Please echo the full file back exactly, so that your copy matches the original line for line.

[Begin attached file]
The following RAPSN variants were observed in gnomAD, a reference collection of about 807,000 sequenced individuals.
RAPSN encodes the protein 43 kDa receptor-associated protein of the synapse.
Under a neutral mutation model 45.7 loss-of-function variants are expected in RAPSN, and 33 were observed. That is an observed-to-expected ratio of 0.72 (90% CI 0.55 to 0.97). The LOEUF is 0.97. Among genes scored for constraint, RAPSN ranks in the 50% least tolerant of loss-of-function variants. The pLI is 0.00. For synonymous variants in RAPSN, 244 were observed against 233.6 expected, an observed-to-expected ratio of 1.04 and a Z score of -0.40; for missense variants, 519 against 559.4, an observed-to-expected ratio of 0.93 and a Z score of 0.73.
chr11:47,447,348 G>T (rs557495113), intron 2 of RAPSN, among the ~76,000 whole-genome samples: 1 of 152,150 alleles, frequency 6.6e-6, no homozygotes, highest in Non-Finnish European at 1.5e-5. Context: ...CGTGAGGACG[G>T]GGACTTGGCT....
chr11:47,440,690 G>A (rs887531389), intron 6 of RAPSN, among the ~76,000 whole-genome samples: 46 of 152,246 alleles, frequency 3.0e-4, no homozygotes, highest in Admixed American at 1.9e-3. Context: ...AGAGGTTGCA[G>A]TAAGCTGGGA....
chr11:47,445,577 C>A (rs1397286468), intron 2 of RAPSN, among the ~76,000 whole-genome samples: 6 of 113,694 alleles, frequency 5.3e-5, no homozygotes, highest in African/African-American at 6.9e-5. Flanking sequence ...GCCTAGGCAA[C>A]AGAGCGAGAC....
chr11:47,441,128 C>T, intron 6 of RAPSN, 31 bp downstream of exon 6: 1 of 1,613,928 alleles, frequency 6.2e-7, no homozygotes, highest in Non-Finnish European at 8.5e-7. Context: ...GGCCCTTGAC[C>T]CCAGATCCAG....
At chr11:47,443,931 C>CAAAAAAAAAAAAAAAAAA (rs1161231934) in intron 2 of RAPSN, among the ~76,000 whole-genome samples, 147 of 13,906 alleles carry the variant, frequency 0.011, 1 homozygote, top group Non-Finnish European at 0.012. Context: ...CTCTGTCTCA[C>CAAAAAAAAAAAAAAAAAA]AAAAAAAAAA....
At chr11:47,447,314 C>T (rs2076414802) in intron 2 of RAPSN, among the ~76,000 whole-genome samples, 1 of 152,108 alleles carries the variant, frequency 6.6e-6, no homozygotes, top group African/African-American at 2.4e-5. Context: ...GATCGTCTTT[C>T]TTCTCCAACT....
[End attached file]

The following RAPSN variants were observed in gnomAD, a reference collection of about 807,000 sequenced individuals.
RAPSN encodes the protein 43 kDa receptor-associated protein of the synapse.
Under a neutral mutation model 45.7 loss-of-function variants are expected in RAPSN, and 33 were observed. That is an observed-to-expected ratio of 0.72 (90% CI 0.55 to 0.97). The LOEUF is 0.97. Among genes scored for constraint, RAPSN ranks in the 50% least tolerant of loss-of-function variants. The pLI is 0.00. For synonymous variants in RAPSN, 244 were observed against 233.6 expected, an observed-to-expected ratio of 1.04 and a Z score of -0.40; for missense variants, 519 against 559.4, an observed-to-expected ratio of 0.93 and a Z score of 0.73.
chr11:47,447,348 G>T (rs557495113), intron 2 of RAPSN, among the ~76,000 whole-genome samples: 1 of 152,150 alleles, frequency 6.6e-6, no homozygotes, highest in Non-Finnish European at 1.5e-5. Context: ...CGTGAGGACG[G>T]GGACTTGGCT....
chr11:47,440,690 G>A (rs887531389), intron 6 of RAPSN, among the ~76,000 whole-genome samples: 46 of 152,246 alleles, frequency 3.0e-4, no homozygotes, highest in Admixed American at 1.9e-3. Context: ...AGAGGTTGCA[G>A]TAAGCTGGGA....
chr11:47,445,577 C>A (rs1397286468), intron 2 of RAPSN, among the ~76,000 whole-genome samples: 6 of 113,694 alleles, frequency 5.3e-5, no homozygotes, highest in African/African-American at 6.9e-5. Flanking sequence ...GCCTAGGCAA[C>A]AGAGCGAGAC....
chr11:47,441,128 C>T, intron 6 of RAPSN, 31 bp downstream of exon 6: 1 of 1,613,928 alleles, frequency 6.2e-7, no homozygotes, highest in Non-Finnish European at 8.5e-7. Context: ...GGCCCTTGAC[C>T]CCAGATCCAG....
At chr11:47,443,931 C>CAAAAAAAAAAAAAAAAAA (rs1161231934) in intron 2 of RAPSN, among the ~76,000 whole-genome samples, 147 of 13,906 alleles carry the variant, frequency 0.011, 1 homozygote, top group Non-Finnish European at 0.012. Context: ...CTCTGTCTCA[C>CAAAAAAAAAAAAAAAAAA]AAAAAAAAAA....
At chr11:47,447,314 C>T (rs2076414802) in intron 2 of RAPSN, among the ~76,000 whole-genome samples, 1 of 152,108 alleles carries the variant, frequency 6.6e-6, no homozygotes, top group African/African-American at 2.4e-5. Context: ...GATCGTCTTT[C>T]TTCTCCAACT....